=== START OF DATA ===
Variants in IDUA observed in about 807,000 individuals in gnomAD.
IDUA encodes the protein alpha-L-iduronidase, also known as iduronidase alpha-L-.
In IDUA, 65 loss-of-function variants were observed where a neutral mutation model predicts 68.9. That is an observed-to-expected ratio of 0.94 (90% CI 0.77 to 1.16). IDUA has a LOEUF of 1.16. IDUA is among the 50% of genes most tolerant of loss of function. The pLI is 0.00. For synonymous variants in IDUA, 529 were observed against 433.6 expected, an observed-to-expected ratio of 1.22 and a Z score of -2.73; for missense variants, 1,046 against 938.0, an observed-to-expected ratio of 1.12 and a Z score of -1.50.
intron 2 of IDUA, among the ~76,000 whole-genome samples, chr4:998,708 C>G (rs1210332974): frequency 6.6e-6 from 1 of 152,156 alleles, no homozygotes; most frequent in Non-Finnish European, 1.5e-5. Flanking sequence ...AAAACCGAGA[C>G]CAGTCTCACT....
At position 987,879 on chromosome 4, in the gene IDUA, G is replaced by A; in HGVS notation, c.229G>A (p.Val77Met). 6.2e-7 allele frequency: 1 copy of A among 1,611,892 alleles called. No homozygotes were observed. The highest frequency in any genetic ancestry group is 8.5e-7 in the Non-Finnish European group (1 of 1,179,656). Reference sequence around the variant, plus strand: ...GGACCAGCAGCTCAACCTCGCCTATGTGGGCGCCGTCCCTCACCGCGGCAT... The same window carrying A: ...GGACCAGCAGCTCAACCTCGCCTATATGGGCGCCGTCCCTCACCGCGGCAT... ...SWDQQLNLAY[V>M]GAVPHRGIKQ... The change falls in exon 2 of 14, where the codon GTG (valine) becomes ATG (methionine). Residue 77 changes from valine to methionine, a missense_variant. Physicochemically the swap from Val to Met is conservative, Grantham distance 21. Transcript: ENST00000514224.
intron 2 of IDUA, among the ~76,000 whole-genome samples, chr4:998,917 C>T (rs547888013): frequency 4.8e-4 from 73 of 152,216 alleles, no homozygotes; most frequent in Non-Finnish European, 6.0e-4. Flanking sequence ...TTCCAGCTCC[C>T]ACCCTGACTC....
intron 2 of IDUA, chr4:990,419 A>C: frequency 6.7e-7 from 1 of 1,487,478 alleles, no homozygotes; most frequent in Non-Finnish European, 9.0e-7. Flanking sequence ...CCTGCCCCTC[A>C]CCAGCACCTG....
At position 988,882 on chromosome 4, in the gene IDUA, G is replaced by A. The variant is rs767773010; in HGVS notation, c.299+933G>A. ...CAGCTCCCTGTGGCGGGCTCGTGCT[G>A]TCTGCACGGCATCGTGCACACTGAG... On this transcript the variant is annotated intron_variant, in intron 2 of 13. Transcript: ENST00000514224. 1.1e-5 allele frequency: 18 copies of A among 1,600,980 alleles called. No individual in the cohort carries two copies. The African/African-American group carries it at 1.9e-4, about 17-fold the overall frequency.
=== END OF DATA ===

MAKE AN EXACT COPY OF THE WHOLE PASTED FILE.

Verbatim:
Variants in IDUA observed in about 807,000 individuals in gnomAD.
IDUA encodes the protein alpha-L-iduronidase, also known as iduronidase alpha-L-.
In IDUA, 65 loss-of-function variants were observed where a neutral mutation model predicts 68.9. That is an observed-to-expected ratio of 0.94 (90% CI 0.77 to 1.16). IDUA has a LOEUF of 1.16. IDUA is among the 50% of genes most tolerant of loss of function. The pLI is 0.00. For synonymous variants in IDUA, 529 were observed against 433.6 expected, an observed-to-expected ratio of 1.22 and a Z score of -2.73; for missense variants, 1,046 against 938.0, an observed-to-expected ratio of 1.12 and a Z score of -1.50.
intron 2 of IDUA, among the ~76,000 whole-genome samples, chr4:998,708 C>G (rs1210332974): frequency 6.6e-6 from 1 of 152,156 alleles, no homozygotes; most frequent in Non-Finnish European, 1.5e-5. Flanking sequence ...AAAACCGAGA[C>G]CAGTCTCACT....
At position 987,879 on chromosome 4, in the gene IDUA, G is replaced by A; in HGVS notation, c.229G>A (p.Val77Met). 6.2e-7 allele frequency: 1 copy of A among 1,611,892 alleles called. No homozygotes were observed. The highest frequency in any genetic ancestry group is 8.5e-7 in the Non-Finnish European group (1 of 1,179,656). Reference sequence around the variant, plus strand: ...GGACCAGCAGCTCAACCTCGCCTATGTGGGCGCCGTCCCTCACCGCGGCAT... The same window carrying A: ...GGACCAGCAGCTCAACCTCGCCTATATGGGCGCCGTCCCTCACCGCGGCAT... ...SWDQQLNLAY[V>M]GAVPHRGIKQ... The change falls in exon 2 of 14, where the codon GTG (valine) becomes ATG (methionine). Residue 77 changes from valine to methionine, a missense_variant. Physicochemically the swap from Val to Met is conservative, Grantham distance 21. Transcript: ENST00000514224.
intron 2 of IDUA, among the ~76,000 whole-genome samples, chr4:998,917 C>T (rs547888013): frequency 4.8e-4 from 73 of 152,216 alleles, no homozygotes; most frequent in Non-Finnish European, 6.0e-4. Flanking sequence ...TTCCAGCTCC[C>T]ACCCTGACTC....
intron 2 of IDUA, chr4:990,419 A>C: frequency 6.7e-7 from 1 of 1,487,478 alleles, no homozygotes; most frequent in Non-Finnish European, 9.0e-7. Flanking sequence ...CCTGCCCCTC[A>C]CCAGCACCTG....
At position 988,882 on chromosome 4, in the gene IDUA, G is replaced by A. The variant is rs767773010; in HGVS notation, c.299+933G>A. ...CAGCTCCCTGTGGCGGGCTCGTGCT[G>A]TCTGCACGGCATCGTGCACACTGAG... On this transcript the variant is annotated intron_variant, in intron 2 of 13. Transcript: ENST00000514224. 1.1e-5 allele frequency: 18 copies of A among 1,600,980 alleles called. No individual in the cohort carries two copies. The African/African-American group carries it at 1.9e-4, about 17-fold the overall frequency.